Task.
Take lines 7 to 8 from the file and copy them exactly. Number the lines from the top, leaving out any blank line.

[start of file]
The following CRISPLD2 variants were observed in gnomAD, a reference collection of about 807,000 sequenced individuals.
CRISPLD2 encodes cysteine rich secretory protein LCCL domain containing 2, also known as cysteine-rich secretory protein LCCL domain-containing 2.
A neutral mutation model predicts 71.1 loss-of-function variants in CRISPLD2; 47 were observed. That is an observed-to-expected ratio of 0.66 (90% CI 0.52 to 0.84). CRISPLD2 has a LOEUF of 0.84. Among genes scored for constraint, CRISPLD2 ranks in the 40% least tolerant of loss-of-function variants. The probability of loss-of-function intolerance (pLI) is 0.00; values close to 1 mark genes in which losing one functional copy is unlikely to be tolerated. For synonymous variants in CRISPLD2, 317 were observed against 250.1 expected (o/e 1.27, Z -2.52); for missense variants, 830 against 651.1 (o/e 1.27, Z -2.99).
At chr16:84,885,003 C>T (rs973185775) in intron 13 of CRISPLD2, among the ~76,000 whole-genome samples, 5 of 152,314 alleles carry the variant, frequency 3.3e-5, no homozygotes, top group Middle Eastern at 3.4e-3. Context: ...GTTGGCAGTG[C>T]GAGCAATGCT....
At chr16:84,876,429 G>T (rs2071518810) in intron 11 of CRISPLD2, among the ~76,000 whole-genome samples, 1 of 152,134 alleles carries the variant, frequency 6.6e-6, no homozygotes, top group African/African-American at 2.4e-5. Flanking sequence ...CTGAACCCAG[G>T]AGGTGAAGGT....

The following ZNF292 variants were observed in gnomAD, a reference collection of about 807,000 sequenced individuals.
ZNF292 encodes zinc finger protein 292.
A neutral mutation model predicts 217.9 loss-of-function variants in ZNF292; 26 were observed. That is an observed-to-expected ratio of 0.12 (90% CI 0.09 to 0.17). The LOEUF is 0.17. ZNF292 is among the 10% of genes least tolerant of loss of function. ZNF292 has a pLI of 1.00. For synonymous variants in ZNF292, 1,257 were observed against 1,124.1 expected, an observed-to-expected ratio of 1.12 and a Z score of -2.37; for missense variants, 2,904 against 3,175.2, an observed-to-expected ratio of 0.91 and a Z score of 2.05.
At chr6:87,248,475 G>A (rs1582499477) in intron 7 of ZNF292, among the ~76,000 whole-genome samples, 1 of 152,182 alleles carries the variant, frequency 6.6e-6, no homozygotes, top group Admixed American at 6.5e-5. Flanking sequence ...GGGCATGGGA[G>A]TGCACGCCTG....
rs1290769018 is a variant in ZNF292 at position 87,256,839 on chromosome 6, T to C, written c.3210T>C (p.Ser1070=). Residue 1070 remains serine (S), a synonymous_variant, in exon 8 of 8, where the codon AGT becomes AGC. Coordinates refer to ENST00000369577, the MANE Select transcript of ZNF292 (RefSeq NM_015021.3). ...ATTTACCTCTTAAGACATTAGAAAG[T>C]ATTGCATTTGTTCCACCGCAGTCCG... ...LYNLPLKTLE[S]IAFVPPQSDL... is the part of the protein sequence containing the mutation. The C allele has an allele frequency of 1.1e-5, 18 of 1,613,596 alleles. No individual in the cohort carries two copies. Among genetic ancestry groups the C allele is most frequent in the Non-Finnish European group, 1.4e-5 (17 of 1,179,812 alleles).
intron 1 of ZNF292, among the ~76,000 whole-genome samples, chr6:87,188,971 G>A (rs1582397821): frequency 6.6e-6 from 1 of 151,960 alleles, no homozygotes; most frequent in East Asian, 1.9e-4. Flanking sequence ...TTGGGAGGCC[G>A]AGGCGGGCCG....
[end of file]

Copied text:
ZNF292 encodes zinc finger protein 292.
A neutral mutation model predicts 217.9 loss-of-function variants in ZNF292; 26 were observed. That is an observed-to-expected ratio of 0.12 (90% CI 0.09 to 0.17). The LOEUF is 0.17. ZNF292 is among the 10% of genes least tolerant of loss of function. ZNF292 has a pLI of 1.00. For synonymous variants in ZNF292, 1,257 were observed against 1,124.1 expected, an observed-to-expected ratio of 1.12 and a Z score of -2.37; for missense variants, 2,904 against 3,175.2, an observed-to-expected ratio of 0.91 and a Z score of 2.05.